Diabetes exacerbates the loss of basilar dendritic spines after ischemic stroke




Sweetnam Holmes, Andrew

Journal Title

Journal ISSN

Volume Title



Most stroke survivors recover some degree of lost function after an ischemic event. Recovery however, is negatively affected by comorbid conditions such as diabetes. Successful recovery is dependent on the ability of adjacent surviving cortical tissue and functionally related areas to take over functions lost by the stroke. Recently our lab has shown that diabetes interferes with the remapping of sensory function to peri-infarct areas after photothrombotic stroke. Given this result, it is crucial to understand how diabetes affects the structure of neurons following stroke, particularly at the level of dendritic spines, which receive the vast majority of excitatory synaptic inputs. Type I diabetes was pharmacologically induced in transgenic mice expressing yellow fluorescent protein (YFP) in a subset of cortical neurons 4 weeks prior to receiving unilateral photothrombotic stroke in the forelimb area of the primary somatosensory cortex (FLS1). Spine density measurements were made on the apical and basilar dendrites of layer-5 pyramidal neurons at 1 and 6 weeks after stroke. Our analysis indicated that diabetes was associated with fewer apical and basilar dendritic spines in the peri-infarct region 1 week after stroke. At 6 weeks of recovery, peri-infarct dendritic spine density in both control and diabetic animals returned to baseline levels. These changes were specific to the peri-infarct cortex, as spine density in distant cortical areas such as the forelimb sensorimotor region of the contralateral hemisphere, were not affected by stroke. In order to relate changes in spine density to the recovery of forepaw function, we re-analyzed data from a previous study that employed the forepaw adhesive-tape-removal test (Sweetnam et al 2012). This analysis revealed that diabetes significantly increased the latency of tape removal from the impaired forepaw (when normalized to the unaffected paw) at 1 but not 6 weeks of recovery. Collectively, these findings indicate that diabetes exacerbates forepaw impairments and basilar spine loss initially after stroke, but does not affect the ability of the brain to replace lost spines over weeks of recovery.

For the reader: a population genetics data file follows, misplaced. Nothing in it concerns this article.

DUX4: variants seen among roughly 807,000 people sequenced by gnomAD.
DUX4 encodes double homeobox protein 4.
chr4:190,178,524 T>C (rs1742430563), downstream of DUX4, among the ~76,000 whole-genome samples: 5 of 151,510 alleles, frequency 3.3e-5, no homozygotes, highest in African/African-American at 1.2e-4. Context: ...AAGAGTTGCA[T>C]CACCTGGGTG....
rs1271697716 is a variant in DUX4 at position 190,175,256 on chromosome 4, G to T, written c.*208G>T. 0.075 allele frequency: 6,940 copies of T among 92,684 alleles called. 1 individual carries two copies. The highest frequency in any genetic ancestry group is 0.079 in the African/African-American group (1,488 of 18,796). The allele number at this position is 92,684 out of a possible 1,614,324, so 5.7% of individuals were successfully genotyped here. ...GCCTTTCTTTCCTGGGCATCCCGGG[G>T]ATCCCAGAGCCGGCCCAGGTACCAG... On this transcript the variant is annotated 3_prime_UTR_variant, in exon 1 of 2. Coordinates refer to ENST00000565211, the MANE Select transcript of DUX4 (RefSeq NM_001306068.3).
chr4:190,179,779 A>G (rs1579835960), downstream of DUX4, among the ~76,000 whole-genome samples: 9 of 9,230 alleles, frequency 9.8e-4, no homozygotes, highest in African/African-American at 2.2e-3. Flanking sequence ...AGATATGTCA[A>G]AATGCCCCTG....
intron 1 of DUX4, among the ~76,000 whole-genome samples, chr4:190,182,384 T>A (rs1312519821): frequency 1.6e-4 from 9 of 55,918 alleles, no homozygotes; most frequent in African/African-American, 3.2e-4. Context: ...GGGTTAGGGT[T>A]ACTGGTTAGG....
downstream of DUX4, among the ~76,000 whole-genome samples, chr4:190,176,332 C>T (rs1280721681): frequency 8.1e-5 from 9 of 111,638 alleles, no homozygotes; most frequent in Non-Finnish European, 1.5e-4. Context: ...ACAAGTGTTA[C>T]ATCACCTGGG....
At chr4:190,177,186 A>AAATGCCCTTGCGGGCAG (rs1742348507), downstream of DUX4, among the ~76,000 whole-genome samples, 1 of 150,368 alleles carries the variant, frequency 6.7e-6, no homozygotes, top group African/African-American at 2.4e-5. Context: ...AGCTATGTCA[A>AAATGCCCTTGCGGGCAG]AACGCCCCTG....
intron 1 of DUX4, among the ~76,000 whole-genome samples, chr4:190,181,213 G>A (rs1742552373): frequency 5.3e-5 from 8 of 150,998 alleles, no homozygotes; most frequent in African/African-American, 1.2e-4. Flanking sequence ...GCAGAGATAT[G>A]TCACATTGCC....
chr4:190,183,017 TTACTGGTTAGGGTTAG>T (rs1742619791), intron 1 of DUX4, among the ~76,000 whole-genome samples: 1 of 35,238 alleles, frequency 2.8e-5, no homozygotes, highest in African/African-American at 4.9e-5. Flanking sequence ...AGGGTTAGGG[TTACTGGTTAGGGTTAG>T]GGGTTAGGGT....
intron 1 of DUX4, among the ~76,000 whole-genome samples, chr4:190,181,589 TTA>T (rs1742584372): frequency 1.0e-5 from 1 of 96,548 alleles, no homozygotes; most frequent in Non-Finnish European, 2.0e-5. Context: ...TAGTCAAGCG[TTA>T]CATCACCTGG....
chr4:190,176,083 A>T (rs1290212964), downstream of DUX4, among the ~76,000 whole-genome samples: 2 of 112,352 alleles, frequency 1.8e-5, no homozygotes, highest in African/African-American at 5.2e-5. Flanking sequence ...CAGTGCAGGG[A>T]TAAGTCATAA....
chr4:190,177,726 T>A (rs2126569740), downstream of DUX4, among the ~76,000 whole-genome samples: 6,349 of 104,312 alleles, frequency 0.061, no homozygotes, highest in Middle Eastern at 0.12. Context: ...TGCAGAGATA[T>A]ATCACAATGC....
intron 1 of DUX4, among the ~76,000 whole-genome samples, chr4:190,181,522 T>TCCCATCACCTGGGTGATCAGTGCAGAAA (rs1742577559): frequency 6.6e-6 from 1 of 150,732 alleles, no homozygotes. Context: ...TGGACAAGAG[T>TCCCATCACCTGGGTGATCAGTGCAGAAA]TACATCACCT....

plasticity, dendritic spines, Stroke, behaviour